A highlight of Chapter 4 is a story about how chickens worked with their human companion to save the life of a hen.
One day I was in my kitchen when I heard a tremendous hullabuloo amongst my feathered friends. They were screaming and crying so loudly that the birds in the trees started chiming in. The chickens rushed onto the deck, knocking furiously on the sliding door with their beaks. I ran outside immediately and they rushed off with me behind, trying to keep up. Straight to the pool we dashed. There I saw Cloudy, everyone’s favorite hen, flailing her wings in the swimming pool. I reached in and lifted her out. She was only very wet: saved by the fast thinking of her loving flock.
Another story from Chapter 4 must be told. That involves the exploits of Mr Henry Joy, a therapy chicken who loves his job at a nursing home, spreading joy among the residents.
Chapter 5 discusses the personalities of goats and tells a hopeful story of the role of farmed animal sanctuaries in providing a home for animals rescued from abusive situations. Before coming to the sanctuary, a group of goats had been the victims of horrendous abuse, but thanks to the kindness shown them at a sanctuary, were able to exhibit optimism.
Another hopeful story from a sanctuary enlivens Chapter 6, about cows. This story features two blind cows. Sweety had lived on a dairy farm, which meant repeated cycles of artificial insemination, nine months of pregnancy, and then her calves taken away immediately after birth. After eight years of this, when her value to the farm reached an end, good fortune intervened, and Sweety went to a sanctuary when Tricia, another blind cow, was living. Here’s what happened when they met.
It was amazing watching them meet, really just bringing Sweety into the barn and Tricia smelling the air, realizing there was a cow next to her. Sweety had the same reaction. They talked a great deal back and forth. … They quickly started eating from the same hay rack and checking each other out—awkwardly at first but by the end of the night they were licking each other. They became inseparable.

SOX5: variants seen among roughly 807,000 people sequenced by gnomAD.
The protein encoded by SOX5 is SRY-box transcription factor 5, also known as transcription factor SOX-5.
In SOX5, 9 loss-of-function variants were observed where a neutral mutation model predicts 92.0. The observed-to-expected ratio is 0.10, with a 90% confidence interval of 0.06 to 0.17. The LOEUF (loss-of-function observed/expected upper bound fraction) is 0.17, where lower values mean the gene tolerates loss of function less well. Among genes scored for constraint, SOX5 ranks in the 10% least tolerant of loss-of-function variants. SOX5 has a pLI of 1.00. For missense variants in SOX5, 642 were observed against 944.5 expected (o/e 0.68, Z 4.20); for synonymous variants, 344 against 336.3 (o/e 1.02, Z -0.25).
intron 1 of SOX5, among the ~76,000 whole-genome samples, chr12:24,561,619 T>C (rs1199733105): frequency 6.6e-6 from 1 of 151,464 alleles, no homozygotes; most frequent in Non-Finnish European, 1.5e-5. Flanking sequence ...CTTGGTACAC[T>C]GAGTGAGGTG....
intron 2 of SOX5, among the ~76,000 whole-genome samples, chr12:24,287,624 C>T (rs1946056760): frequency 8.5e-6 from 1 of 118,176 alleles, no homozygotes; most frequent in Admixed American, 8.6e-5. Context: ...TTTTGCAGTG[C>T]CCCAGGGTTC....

Pigs, the focus of Chapter 7, are probably the most chronicled of the animals whom we eat, with so many fantastic stories of their vibrant and lovable personalities. Maybe the most famous pig in this regard is Esther the Wonder Pig. Just check out the photo of the homepage of her website: https://www.estherthewonderpig.com/. Esther has influenced many people to testify that thinking of her made them give up pork.
The final chapter of Personalities on the Plate teaches us about chimpanzees. Most people already know about chimps’ intellectual and social lives, and researchers continue to astound us with further evidence, such as the fact that chimps of the Taï Forest in West Africa make use of 26 different types of tools, most of which they have improved to better fit their purposes. King shares the story of a mother chimp Ricci very patiently teaching her daughter Nina how to crack open coula nuts. After slowly demonstrating multiple times, Ricci, like a good teacher, retreats to observe Nina imperfectly persevering in applying what she had been taught.
To conclude, perhaps King’s main message is that, in their own varied ways, our fellow animals sense, learn, feel, and develop unique personalities. “Their lives matter to them, and they should matter to us too.”